When temperatures remain freezing enough days in a row, (and this happens often during winter in the Great Lakes Region, not just during the 2014 Polar Vortex event) the sheet will continue to grow and move out further past the shoreline, especially when the lake is calm. But when the 2014 polar vortex created temperatures in the single digits with wind chill factors as low as minus 35 degrees Fahrenheit, the ice pack held down the wave action regardless of the high winds. The sheet stretched to the horizon and in some locations as far as the eye could see! Observe in photos below!
DO NOT DO THIS . . .
- Meltdown at Pier Cove Beach; a photo essay
A history, tidbits, poetry and the wonders of mother nature's natural occurrences along this quaint Lake Michigan beach front known as Pier Cove beautifully photographed and presented!
I've written an article previous on Hubpages about the ice melt and feel the need here again to warn people about the dangers on the ice shelf. Every year someone creeps too close to the edge of the big ice hills and looses a life from snow and ice caving in. One year, I recall in particular, when a child fell in and both he and his father drown trying to save him. Hypothermia sets in quickly in the frigid waters and the body's muscles don't do what we want them to.
DON'T BE FOOLED thinking the large ice hills are solid. Under them are cracks and loose pockets especially when things start to melt. I can't stress this enough! The pockets grow from underneath with the waves pushing against them and you never know when the top is going to cave in. Besides, the surface gets slippery and slippery as the snow cover turns to ice. It's very easy to lose footing!
And the farther out a person decides the venture, the deeper the lake water, so that's one more reason it's wiser to stay closer to shore.
The people in the photos above were taking huge risks especially the guy who was so far out with no one around and also the guy on the far edge of the ice shelf in the other photo. The temperature was in the 40's one week after the storm and things were melting fast.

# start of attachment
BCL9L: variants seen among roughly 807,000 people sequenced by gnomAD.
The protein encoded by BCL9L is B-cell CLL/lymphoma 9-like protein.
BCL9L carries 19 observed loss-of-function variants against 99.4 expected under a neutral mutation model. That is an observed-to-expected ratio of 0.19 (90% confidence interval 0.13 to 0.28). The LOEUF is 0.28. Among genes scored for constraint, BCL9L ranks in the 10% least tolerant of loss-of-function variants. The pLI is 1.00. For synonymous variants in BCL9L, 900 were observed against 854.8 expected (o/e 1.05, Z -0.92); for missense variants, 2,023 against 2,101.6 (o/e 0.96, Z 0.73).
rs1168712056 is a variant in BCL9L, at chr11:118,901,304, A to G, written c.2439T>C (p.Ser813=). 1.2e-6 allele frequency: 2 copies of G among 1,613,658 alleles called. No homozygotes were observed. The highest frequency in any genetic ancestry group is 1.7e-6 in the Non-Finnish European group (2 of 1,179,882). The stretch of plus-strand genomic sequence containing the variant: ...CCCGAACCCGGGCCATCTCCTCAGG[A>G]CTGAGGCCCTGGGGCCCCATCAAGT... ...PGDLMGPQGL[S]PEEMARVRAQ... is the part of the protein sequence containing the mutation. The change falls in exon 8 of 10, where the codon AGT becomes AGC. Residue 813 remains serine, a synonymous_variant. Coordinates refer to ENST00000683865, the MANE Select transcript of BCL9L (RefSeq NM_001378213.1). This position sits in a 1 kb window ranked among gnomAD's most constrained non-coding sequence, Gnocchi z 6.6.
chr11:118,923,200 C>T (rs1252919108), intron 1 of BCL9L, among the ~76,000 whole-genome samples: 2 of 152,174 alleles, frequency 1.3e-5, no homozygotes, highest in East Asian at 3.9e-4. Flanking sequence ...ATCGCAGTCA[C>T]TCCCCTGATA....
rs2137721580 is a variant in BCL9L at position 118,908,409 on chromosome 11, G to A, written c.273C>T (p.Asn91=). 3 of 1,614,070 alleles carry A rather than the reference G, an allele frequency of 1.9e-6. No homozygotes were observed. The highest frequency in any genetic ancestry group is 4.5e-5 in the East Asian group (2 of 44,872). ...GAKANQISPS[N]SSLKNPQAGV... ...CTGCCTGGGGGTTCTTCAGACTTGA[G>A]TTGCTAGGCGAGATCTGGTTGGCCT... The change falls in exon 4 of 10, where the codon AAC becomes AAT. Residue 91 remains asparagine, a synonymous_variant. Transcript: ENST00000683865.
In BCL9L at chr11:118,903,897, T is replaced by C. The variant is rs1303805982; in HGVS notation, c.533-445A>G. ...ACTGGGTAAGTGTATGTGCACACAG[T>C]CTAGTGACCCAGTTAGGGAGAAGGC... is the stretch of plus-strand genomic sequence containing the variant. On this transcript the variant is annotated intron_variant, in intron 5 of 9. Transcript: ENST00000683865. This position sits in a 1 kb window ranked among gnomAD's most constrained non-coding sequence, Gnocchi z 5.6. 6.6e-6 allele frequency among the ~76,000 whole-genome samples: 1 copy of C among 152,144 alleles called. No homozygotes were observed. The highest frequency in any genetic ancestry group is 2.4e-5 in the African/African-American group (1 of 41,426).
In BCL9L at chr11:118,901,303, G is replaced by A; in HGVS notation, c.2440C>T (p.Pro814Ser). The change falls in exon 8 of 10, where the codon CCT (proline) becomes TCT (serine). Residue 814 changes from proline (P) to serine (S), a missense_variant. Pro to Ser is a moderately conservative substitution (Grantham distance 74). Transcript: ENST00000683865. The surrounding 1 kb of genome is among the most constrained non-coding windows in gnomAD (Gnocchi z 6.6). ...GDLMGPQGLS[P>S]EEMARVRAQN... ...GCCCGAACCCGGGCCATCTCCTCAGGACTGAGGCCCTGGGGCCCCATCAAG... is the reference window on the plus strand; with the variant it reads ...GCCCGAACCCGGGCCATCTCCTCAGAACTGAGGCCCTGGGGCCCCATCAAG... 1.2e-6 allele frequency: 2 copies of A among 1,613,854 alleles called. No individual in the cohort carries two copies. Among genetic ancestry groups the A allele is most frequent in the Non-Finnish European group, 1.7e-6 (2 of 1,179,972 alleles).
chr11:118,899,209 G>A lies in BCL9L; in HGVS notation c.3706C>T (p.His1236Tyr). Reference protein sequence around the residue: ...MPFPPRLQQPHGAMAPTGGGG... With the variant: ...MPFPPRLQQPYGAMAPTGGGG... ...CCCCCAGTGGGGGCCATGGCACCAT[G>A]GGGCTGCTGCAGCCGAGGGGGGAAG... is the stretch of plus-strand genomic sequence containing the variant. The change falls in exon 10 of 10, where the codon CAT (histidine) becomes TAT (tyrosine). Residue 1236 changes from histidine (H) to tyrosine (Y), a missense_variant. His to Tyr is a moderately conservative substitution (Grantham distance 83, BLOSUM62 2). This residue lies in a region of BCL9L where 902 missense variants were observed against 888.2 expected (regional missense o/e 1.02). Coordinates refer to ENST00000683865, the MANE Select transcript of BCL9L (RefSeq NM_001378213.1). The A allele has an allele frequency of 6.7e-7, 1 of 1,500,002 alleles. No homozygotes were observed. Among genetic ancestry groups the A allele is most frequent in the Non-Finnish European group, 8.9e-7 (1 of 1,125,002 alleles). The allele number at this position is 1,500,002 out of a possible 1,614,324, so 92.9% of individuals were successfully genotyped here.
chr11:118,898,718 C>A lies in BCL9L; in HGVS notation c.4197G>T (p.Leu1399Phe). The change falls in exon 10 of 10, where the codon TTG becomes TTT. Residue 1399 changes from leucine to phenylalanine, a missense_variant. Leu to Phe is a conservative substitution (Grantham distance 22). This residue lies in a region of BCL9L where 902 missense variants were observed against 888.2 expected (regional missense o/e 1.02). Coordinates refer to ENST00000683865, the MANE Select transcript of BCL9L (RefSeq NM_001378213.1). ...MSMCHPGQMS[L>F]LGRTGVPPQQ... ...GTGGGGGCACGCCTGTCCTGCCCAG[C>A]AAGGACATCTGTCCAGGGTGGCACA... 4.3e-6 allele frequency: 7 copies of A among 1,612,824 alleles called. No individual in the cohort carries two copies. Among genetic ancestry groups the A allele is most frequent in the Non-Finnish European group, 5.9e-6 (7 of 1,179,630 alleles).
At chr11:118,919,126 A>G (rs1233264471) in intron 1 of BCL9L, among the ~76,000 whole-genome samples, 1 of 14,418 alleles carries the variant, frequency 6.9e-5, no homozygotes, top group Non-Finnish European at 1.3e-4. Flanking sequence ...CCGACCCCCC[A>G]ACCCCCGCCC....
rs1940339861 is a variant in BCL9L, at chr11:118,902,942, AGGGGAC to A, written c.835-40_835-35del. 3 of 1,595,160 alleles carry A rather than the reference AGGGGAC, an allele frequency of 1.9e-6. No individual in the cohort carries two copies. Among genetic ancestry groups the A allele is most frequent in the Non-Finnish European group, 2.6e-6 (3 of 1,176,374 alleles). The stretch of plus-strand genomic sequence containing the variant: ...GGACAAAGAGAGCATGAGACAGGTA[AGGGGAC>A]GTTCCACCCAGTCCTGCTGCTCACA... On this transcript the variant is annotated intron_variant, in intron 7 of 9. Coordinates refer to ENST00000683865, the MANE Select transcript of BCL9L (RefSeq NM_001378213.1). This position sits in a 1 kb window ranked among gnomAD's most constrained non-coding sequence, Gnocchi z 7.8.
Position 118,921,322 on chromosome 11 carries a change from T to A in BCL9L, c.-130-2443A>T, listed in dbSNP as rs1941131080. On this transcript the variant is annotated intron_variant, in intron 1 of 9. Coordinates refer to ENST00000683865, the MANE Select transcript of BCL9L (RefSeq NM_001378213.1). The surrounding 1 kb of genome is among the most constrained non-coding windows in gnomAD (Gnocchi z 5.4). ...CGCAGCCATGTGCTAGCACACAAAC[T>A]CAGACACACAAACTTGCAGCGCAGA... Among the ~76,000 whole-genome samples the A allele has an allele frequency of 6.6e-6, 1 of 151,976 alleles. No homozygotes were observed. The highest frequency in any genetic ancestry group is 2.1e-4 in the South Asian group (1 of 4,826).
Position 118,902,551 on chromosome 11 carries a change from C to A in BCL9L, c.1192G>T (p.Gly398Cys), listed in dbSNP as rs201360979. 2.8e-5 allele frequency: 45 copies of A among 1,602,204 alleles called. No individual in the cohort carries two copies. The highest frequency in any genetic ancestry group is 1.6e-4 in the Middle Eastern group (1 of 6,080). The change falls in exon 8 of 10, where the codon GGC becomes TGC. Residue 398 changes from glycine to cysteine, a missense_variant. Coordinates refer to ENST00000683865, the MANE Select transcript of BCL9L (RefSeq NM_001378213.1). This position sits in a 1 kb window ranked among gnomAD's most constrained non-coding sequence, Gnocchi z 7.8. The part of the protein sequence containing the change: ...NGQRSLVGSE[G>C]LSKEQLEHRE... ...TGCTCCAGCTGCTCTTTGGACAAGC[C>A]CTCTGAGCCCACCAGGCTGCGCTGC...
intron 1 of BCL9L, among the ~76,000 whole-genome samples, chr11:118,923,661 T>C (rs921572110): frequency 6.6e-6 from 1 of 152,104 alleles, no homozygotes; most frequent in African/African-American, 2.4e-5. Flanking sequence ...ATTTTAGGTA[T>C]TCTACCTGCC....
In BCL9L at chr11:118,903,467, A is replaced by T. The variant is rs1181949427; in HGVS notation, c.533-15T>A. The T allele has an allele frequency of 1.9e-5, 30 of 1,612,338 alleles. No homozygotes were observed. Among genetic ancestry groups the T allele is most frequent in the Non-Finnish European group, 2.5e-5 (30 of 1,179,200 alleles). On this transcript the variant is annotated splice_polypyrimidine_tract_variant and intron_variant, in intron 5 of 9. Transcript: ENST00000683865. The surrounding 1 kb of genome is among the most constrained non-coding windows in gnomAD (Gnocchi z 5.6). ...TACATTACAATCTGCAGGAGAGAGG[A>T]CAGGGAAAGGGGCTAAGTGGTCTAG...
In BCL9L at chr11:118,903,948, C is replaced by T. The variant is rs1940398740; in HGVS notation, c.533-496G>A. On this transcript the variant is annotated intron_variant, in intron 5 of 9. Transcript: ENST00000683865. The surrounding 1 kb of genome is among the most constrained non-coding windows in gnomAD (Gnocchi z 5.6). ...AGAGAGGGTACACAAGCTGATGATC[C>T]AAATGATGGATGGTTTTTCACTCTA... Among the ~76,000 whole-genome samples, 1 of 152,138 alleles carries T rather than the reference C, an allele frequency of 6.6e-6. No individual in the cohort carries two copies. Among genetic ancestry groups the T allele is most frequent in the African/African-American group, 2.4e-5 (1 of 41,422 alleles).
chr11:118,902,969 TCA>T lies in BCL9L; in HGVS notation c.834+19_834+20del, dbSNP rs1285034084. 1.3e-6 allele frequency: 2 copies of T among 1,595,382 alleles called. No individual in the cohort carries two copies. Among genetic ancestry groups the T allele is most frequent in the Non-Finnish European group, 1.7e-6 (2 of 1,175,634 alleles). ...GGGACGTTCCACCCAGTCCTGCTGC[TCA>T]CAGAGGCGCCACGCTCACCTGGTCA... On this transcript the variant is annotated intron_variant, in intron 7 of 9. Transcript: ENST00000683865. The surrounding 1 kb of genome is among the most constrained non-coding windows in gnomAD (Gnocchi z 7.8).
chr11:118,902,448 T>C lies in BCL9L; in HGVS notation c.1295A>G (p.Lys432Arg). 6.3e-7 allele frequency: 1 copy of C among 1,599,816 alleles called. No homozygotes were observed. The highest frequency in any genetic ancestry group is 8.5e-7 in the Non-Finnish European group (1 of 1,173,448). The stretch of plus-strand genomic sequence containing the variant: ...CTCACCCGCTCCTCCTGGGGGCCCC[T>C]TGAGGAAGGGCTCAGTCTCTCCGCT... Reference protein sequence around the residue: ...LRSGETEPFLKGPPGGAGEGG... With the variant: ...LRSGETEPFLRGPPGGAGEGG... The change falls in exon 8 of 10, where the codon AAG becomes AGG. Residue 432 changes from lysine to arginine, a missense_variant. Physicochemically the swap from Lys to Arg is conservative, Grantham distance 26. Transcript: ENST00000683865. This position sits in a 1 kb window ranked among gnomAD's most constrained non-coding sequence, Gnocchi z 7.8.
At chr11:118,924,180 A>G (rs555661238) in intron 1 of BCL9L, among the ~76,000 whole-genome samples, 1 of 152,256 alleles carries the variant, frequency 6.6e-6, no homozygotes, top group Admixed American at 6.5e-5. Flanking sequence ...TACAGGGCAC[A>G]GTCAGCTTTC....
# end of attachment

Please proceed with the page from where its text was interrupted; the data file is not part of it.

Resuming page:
HERE'S WHY . . .
You may be wondering if I took risks in order to capture these photos? Well, slightly, I admit, but I was careful to not go past the first tier of ice shelf mounds where the water would've been over my head in case I did fall through. Plus, the closer to shore, the more solid the ice shelf. As you may have already noticed, there are three rows or tiers observable where the splashing ice balls did their thing.
How do the mounds build up in rows that way? It has to do with the wind and temperatures. The first tier was stabilized, then the falling temperatures and fresh snowfall allowed new tiers to form.
I CAPTURED THESE WILLING SIGHTSEERS ON THE FIRST TIER OF THE ICE SHELF and that was precarious enough for us all. We did not venture further out from this spot where the water is deeper and the shelf is shallower.
. . . And finally, when things warm up and the melt down begins, the snow and ice chunks separate once again as seen in the photos below from an earlier time. The first photo shows a big chunk of snowy ice that stubbornly hung onto some old breakers.
And then you can do this . . .
Which of the Great Lakes have you visited most often?
© 2014 Kathi